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Government may be underestimating ‘economic impact’ of copyright reforms
The UK government may have underestimated the “economic impact” that changes to copyright laws will have on the country’s creative industries, a parliamentary committee has said.
The House of Lords’ Secondary Legislation Scrutiny Committee (LSLC) stopped short of calling for reform plans to be shelved but said the government should closely monitor the impact that the changes have as soon as they are introduced and “respond effectively” if the changes do have a negative effect.
Concerns with the planned copyright reforms had been noted by the LSLC among some stakeholder groups. It also questioned the UK’s intellectual property minister Viscount Younger’s assertion that the changes to the law were “relatively minor” given the government’s claim that the changes stand to bring benefits worth £500 million to the UK economy over the next ten years.
“We were struck, in particular, by the strength of concern expressed by some interested parties about the issues of compensation and of ‘contract override’,” the LSLC said in a recent report. “While the government have presented their justification for the approach being taken on these issues, as set out in Viscount Younger’s evidence to us, we flag up the possibility that the changes will have a greater economic impact on producers and creators than the government have so far envisaged.”
“We see the changes proposed in these regulations as undoubtedly significant, for example in their positive potential for the research sector, and in their negative potential, conversely, for rights holders in the music sector and elsewhere. [The government has said] that the instruments are to be reviewed by the Intellectual Property Office no later than April 2019. We would urge the government to monitor the impact of the changes from the point of implementation, and in particular to respond effectively if it becomes clear that any negative potential is being realised,” it said.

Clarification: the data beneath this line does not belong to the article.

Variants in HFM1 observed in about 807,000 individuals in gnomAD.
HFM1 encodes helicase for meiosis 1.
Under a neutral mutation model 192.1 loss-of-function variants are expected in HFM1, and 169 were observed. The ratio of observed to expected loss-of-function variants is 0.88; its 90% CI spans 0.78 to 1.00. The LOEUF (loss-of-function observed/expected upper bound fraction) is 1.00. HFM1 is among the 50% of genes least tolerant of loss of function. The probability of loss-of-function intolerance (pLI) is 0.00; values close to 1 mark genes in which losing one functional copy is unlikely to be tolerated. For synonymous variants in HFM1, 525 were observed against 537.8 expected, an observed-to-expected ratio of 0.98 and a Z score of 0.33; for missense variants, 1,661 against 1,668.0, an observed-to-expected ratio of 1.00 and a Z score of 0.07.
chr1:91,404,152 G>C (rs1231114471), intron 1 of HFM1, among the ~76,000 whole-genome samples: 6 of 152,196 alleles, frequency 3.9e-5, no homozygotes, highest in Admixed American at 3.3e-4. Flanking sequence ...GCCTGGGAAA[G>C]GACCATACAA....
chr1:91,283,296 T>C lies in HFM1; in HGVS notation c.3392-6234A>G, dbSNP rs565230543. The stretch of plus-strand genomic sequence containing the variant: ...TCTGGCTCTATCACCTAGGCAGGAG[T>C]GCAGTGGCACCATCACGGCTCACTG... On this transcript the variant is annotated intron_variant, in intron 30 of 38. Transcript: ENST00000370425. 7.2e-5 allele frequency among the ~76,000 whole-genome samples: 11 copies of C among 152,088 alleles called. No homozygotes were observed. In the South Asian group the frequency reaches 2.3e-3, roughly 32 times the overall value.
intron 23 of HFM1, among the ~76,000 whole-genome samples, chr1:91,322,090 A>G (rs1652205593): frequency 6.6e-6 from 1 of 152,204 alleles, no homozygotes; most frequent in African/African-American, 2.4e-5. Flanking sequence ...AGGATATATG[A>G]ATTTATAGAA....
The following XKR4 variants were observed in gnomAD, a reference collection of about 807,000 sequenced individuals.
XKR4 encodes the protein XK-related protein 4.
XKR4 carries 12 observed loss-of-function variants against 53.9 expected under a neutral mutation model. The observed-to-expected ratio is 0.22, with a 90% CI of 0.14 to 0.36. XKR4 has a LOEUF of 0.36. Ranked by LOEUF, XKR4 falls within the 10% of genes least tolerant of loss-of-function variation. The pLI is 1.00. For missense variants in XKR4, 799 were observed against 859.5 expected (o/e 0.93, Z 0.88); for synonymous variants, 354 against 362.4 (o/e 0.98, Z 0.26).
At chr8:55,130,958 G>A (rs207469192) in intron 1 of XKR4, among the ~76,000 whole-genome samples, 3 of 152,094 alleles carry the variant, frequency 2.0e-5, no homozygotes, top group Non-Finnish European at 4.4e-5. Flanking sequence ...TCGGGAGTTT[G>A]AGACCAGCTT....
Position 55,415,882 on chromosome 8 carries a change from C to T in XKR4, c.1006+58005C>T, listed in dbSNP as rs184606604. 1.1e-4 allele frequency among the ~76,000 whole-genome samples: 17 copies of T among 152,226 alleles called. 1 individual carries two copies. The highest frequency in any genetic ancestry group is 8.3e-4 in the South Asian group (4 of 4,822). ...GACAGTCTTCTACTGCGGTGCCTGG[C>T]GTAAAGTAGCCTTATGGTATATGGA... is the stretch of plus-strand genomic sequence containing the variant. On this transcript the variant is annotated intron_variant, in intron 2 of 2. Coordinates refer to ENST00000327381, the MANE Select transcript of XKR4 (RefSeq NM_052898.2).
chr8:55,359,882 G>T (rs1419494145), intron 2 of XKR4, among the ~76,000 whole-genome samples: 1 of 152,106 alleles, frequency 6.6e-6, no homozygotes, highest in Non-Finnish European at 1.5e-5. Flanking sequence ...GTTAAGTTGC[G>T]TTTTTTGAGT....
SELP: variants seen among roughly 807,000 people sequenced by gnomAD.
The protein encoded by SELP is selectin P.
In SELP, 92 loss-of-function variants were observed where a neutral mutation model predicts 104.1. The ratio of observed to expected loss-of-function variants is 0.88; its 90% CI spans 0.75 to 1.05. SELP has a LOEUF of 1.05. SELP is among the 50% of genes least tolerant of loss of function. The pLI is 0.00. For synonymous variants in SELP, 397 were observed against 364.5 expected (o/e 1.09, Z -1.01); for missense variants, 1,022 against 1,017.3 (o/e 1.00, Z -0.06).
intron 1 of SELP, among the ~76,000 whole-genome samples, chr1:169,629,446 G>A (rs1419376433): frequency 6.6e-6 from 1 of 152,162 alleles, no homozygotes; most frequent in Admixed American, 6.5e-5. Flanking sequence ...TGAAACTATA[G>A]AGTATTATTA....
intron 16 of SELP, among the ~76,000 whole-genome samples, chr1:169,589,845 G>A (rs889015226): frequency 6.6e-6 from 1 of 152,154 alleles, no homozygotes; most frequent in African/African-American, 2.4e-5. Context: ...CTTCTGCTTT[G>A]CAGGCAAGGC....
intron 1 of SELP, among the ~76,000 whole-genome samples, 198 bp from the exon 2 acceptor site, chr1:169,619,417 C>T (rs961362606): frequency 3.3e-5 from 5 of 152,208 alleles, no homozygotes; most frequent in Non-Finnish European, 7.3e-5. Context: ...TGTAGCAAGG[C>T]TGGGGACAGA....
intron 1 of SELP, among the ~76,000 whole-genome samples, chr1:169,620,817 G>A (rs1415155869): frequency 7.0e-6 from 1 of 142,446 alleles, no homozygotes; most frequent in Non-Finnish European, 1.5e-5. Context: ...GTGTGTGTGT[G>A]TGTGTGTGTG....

The government proposed draft regulations back in March that would, if backed by parliament, update existing rules on exceptions to copyright from 1 June 2014. The changes would introduce new rights to copy copyrighted works for private use, related to archiving of copyrighted material and the use of such works in non-commercial research and educational settings, and to use copyright material in works of parody and in quotations, among other reforms.
The wording of the proposals mean that the new copyright exception rights cannot be overridden by terms that rights holders put in their contracts, although some of the plans do give rights holders freedom to deploy “restrictive measures” to prevent copying of their works, such as is the case in the draft regulations on private copying.
The government has confirmed that another parliamentary committee, the Joint Committee on Statutory Instruments (JCSI), had asked for more time to look at two of the five SIs and admitted that there is now a doubt whether those particular SIs, which contain draft regulations on private copying and on parody and quotation rights, would be approved in time for them to be brought into force on 1 June.
Royds can provide comprehensive advice on many areas of copyright law, including any legislative changes which may come onto force. For more information please visit our website or contact Stephen Welfare and John North.
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